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Lithium-Disilicate Pressed Veneers for Diastema Closure
The indirect materials available today to close diastemas include a pressable material composed of lithium-disilicate glass ceramic.
Among the reasons why patients may decline orthodontics to close diastemas are time constraints, desire for immediate esthetic results, or the perceived stigma associated with their age and wearing braces. Another consideration for older women is the fact that oral administration of bisphosphonates is rising in the form of anti-osteoporosis medications. Although they are powerful synthetic inhibitors of bone resorption, long-term oral administration of these drugs is a concern because the drug accumulates in alveolar bones. Possible retardation of tooth movement and increased orthodontic relapse can be a concern. Further, despite a lack of concrete evidence of osteoradionecrosis resulting from orthodontic tooth movement in patients taking oral bisphosphonates, even the slightest hint of complications may negatively influence a “Google savvy” patient.
Not surprisingly, then, closing a diastema can be a challenge, particularly when the clinician is faced with restoring or working with multiple teeth, equalizing space, or removing some tooth structure to accommodate the diastema closure.1,2 If dentists attempt to close diastemas without removing sufficient tooth structure from surrounding dentition, or without altering or adjusting the gingival zeniths of those teeth, the result could be an unattractive width-to-length ratio that detracts from the outcome the patient wanted.1,3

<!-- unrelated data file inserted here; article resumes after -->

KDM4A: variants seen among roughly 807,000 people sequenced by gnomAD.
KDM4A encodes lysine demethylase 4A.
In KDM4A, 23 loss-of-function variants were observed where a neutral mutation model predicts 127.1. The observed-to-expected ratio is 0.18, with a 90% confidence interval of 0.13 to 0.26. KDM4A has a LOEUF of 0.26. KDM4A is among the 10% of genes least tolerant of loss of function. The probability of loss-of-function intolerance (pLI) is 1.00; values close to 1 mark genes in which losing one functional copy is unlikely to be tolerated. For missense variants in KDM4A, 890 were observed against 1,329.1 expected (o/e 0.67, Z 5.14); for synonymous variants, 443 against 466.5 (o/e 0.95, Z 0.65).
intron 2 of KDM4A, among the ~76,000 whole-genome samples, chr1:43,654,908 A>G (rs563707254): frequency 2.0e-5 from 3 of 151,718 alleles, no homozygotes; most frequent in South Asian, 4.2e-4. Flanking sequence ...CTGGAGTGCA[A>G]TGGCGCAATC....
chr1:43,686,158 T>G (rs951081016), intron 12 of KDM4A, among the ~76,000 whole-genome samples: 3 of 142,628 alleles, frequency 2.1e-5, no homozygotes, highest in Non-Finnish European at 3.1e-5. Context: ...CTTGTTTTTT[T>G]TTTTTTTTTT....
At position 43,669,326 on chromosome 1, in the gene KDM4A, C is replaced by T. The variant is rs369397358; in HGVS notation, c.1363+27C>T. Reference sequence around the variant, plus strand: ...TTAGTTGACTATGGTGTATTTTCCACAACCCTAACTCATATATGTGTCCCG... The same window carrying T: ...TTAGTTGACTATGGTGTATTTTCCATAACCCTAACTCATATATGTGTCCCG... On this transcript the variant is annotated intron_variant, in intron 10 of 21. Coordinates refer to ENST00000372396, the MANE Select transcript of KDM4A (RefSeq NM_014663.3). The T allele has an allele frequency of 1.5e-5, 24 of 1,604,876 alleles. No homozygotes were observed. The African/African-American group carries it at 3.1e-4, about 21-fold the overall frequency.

The indirect materials available today for use in closing diastemas include a pressable material composed of lithium-disilicate glass ceramic (IPS e.max® Press, Ivoclar Vivadent, http://www.ivoclarvivadent.us). When used in conjunction with minimal preparation techniques and smile design principles, lithium-disilicate restorations achieve beautiful, natural-looking, and long-lasting results. Lithium-disilicate glass ceramic is unique in dentistry because it demonstrates high strength, natural optical properties, and the ability to be pressed thin. Skilled ceramists can press lithium-disilicate veneers as thin as 0.3 mm.1 When knowledgeable and skilled ceramists create the restorations, natural and durable results can be achieved.1,4
Pressable lithium disilicate is ideal for inlays, onlays, thin veneers, veneers, partial crowns, anterior and posterior crowns, 3-unit anterior bridges, 3-unit premolar bridges, telescope primary crowns, and implant superstructures.5-7 If minimal tooth preparation is desired (eg, thin veneers), ceramists can press IPS e.max lithium disilicate to as thin as 0.3 mm, and the material will still demonstrate a strength of 400 MPa. When sufficient space is available (eg, retrusion of a tooth), no preparation is required. Lithium disilicate is an esthetic, high-strength material that can be conveniently cemented or adhesively bonded.8